That will depend on who you ask. Probably the most commonly cited passage in scripture is in Leviticus 21:
The LORD said to Moses:
Say to Aaron: None of your descendants, throughout their generations, who has any blemish shall come forward to offer the food of his God.
Anyone who has any of the following blemishes may not come forward: he who is blind, or lame, or who has a split lip, or a limb too long,
or a broken leg or arm,
or who is a hunchback or dwarf or has a growth in the eye, or who is afflicted with sores, scabs, or crushed testicles.
No descendant of Aaron the priest who has any such blemish may draw near to offer the oblations of the LORD; on account of his blemish he may not draw near to offer the food of his God.
He may, however, eat the food of his God: of the most sacred as well as sacred offerings.
Only, he may not enter through the veil nor draw near to the altar on account of his blemish; he shall not profane my sacred precincts, for it is I, the LORD, who make them holy.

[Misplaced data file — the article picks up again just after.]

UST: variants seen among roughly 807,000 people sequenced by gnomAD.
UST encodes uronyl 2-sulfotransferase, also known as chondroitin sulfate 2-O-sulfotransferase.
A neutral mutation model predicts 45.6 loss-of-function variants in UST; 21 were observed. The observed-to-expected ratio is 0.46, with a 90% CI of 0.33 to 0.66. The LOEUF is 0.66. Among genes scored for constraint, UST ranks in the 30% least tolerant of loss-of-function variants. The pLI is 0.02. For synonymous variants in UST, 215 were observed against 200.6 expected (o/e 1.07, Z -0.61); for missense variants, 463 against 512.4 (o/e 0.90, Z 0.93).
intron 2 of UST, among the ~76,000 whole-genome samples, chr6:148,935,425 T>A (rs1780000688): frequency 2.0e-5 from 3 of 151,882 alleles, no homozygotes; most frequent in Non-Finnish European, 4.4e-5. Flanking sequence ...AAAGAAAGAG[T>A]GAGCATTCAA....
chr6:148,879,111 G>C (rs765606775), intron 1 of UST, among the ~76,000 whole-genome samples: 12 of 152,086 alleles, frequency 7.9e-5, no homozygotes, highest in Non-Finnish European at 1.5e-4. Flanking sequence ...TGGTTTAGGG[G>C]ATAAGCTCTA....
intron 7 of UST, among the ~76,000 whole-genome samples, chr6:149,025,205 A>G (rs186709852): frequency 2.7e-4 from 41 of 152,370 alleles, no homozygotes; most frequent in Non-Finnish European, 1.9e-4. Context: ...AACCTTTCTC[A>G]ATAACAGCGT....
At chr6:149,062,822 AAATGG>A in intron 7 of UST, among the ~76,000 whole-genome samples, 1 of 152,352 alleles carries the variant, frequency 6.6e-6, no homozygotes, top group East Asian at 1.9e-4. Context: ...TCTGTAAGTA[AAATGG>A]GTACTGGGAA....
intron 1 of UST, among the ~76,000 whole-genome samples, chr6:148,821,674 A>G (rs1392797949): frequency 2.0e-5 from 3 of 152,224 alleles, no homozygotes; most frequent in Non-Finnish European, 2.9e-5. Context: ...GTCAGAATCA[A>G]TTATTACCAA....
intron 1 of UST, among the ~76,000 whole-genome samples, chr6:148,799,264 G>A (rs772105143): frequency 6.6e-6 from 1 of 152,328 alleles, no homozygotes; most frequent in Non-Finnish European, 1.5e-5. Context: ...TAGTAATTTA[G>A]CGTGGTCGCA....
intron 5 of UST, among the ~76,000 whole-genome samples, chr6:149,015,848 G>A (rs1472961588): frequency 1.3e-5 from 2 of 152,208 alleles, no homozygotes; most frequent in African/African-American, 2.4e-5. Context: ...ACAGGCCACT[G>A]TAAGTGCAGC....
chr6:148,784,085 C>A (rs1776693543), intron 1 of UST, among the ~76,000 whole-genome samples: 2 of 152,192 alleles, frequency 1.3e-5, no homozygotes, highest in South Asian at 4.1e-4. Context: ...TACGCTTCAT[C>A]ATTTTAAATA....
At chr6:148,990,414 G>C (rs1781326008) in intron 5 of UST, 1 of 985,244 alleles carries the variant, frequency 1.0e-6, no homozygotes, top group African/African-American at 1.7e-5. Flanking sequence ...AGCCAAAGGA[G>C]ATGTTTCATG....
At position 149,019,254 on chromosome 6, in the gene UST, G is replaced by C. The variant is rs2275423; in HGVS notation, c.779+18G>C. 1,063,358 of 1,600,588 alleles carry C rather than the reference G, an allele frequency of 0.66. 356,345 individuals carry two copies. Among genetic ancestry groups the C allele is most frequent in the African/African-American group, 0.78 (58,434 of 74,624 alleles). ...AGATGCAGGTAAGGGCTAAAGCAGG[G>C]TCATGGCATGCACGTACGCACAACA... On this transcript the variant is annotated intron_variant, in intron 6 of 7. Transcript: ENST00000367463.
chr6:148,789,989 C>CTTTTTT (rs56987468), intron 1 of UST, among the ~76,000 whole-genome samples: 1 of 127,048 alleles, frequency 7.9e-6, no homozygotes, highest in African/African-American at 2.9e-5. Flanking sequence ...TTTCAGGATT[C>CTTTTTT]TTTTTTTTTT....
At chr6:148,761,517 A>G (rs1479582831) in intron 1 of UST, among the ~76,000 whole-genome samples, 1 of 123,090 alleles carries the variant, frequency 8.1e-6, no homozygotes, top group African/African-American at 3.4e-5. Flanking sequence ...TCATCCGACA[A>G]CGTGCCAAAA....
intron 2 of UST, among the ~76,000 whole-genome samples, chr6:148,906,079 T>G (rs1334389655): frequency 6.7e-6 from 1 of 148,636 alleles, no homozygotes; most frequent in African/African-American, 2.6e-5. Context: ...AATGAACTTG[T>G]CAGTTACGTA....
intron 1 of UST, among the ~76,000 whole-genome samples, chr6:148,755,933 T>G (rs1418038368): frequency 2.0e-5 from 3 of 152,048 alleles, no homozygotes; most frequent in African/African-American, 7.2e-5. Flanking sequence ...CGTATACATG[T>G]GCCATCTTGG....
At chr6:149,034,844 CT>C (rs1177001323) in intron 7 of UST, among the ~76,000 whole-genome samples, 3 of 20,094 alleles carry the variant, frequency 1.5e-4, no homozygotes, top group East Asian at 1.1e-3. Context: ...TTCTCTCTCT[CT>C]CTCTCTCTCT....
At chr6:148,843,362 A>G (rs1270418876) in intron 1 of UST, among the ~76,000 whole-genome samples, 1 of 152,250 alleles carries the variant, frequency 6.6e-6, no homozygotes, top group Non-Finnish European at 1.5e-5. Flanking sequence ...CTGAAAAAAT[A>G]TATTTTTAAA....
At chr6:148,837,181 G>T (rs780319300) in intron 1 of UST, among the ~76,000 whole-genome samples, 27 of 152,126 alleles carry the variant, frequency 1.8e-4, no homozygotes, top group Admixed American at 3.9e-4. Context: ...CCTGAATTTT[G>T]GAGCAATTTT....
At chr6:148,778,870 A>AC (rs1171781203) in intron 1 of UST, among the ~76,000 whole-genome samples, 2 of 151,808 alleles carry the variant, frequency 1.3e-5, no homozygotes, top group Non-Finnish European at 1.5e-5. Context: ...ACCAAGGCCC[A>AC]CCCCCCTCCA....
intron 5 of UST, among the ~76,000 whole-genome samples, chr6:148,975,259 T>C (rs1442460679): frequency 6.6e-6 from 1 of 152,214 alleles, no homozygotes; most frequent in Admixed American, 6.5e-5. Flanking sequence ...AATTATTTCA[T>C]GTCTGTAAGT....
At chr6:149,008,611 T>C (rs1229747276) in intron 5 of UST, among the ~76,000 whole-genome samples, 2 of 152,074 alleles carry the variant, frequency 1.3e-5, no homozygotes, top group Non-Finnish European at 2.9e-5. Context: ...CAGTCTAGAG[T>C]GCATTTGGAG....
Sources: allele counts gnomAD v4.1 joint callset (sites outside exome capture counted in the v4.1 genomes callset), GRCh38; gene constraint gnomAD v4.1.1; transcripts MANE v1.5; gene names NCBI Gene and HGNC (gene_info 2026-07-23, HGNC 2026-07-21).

Moses, therefore, told this to Aaron and his sons and to all the Israelites.
(Leviticus 21, NAB)
This passage forbids Aaron and his descendants (who were given priestly responsibilities) from approaching God if their bodies were blemished in certain ways. Some of these blemishes would permanently deny this aspect of the priesthood to those people who had them:
- permanent blindness
- permanent lameness
- uneven limbs
- crushed testicles
The passage does not specifically identify the reason that God considers these blemishes to profane the altar of the temple. As far as this passage goes, “God doesn’t like the handicapped” is only an interpretation.